Research Stream


Bronwyn Reddan
Deakin University


The Problem of Love in Early Modern Contes de Fées

Falling in love and living happily ever after is a romantic fairy tale myth which continues to shape our ideas about love and marriage. This project seeks to challenge the stereotype of love as the ultimate happy ending by examining a corpus of seventeenth-century French fairy tales which represent love as a frequently disappointing or disastrous experience.

Love me, love me not: Performing emotion in early modern contes de fées

Image: The Carte de Tendre or Carte du Pays de Tendre, François Chauveau c 1654. Courtesy of Wikimedia Commons.

In late seventeenth-century France, contes de fées were written as politically subversive tales which used fantastic settings to imagine alternative social realities for early modern women. Bronwyn Reddan’s research examines the performance of love in these early modern French stories, arguing that they are historically valuable sources providing insight into early modern debates about gender and the role of emotion in shaping human experiences.  In particular, the tragic tales written by Marie-Catherine le Jumel de Barneville, Comtesse d’Aulnoy and Henriette-Julie de Castelnau, Comtesse de Murat illustrate ambiguity in early modern attitudes to love. Her project investigates this challenge to popular assumptions that fairy tale love inevitably leads to a happy ever after ending and uses the tales of d’Aulnoy, Murat and their contemporaries to develop a more complex picture of historical attitudes towards romantic love.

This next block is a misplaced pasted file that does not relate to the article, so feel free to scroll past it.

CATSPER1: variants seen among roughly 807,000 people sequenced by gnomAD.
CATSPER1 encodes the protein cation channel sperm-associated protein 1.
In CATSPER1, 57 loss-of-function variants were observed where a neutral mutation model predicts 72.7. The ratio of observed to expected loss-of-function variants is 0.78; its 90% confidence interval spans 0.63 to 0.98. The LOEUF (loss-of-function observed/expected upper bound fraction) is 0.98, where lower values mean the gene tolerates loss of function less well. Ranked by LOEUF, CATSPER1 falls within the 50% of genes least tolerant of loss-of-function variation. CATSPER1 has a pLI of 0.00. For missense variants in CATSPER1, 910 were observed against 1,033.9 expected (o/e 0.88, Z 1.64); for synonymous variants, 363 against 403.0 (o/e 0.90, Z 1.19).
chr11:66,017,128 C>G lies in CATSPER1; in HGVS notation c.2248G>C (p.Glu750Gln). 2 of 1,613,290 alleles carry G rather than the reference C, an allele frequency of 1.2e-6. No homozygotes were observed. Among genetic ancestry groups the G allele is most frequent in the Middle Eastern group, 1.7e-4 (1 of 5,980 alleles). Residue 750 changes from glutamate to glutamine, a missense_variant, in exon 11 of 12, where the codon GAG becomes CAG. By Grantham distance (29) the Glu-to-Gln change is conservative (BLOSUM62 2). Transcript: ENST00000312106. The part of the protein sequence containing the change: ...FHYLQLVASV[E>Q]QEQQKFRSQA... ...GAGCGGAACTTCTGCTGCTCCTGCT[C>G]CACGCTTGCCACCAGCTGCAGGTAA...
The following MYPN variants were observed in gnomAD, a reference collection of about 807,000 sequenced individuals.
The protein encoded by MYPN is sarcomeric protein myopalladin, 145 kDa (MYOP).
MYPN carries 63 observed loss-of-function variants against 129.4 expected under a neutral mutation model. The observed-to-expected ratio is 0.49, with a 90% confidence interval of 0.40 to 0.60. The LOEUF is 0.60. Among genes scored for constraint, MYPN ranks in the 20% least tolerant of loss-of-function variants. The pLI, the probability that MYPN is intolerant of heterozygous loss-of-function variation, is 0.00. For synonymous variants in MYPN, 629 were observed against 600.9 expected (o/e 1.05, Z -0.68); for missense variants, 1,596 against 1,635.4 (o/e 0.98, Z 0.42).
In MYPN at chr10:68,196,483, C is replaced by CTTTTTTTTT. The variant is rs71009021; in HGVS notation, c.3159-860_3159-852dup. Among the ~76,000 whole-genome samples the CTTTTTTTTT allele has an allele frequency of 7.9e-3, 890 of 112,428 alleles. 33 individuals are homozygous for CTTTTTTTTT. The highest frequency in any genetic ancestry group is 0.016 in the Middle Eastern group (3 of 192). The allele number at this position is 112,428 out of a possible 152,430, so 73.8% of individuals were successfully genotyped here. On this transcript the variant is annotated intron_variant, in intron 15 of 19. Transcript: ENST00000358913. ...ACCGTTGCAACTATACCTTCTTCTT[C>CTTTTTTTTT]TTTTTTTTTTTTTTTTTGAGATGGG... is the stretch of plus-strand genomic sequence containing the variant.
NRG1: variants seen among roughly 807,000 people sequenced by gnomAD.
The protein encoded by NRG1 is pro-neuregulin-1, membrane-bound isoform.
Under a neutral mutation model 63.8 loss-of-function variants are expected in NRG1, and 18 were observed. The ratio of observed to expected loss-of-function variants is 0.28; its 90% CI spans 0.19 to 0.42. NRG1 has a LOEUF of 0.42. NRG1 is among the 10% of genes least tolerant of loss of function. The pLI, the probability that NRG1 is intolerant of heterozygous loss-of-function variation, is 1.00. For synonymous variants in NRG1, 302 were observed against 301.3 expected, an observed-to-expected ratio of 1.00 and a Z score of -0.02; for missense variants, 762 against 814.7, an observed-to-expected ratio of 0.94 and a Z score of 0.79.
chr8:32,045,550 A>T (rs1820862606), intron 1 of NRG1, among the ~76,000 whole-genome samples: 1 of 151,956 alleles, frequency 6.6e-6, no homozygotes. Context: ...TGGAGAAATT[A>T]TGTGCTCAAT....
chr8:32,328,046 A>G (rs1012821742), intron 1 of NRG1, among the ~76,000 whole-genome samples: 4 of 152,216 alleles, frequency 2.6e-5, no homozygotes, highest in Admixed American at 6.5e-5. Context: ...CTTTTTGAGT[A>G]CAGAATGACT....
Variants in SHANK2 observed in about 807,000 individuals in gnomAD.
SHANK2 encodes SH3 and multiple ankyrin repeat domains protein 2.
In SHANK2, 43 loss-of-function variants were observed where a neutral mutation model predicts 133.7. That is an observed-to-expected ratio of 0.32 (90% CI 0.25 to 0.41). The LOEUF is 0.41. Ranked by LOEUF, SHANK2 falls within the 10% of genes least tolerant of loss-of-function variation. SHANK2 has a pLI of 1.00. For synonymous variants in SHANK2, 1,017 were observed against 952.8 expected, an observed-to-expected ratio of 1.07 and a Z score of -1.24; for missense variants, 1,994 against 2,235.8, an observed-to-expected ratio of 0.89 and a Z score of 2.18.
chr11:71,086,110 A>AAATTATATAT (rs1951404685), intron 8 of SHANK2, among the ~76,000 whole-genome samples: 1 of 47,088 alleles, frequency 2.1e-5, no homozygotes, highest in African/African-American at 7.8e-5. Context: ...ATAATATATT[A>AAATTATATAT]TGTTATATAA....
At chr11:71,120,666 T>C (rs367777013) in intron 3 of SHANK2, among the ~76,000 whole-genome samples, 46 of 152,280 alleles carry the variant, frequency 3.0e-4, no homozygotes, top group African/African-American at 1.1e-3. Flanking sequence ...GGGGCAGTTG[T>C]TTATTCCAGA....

“Thinking through things: Magical objects and female identity in early modern French fairy tales”, SHAPS Work in Progress Day, 1 November 2013.

“Finding magic in the everyday: Seventeenth-century fairy tales and the transformative power of everyday objects”, Histories of the everyday: East-West perspectives, CHERHub/AAHub workshop, 13 November 2013.

“Reciprocal emotions: Gift giving and the obligation to love in early modern fairy tales”, Emotion, Ritual & Power in Europe: 1200 to the Present, ARC Centre for the History of Emotions Change Collaboratory, 10-12 February 2014.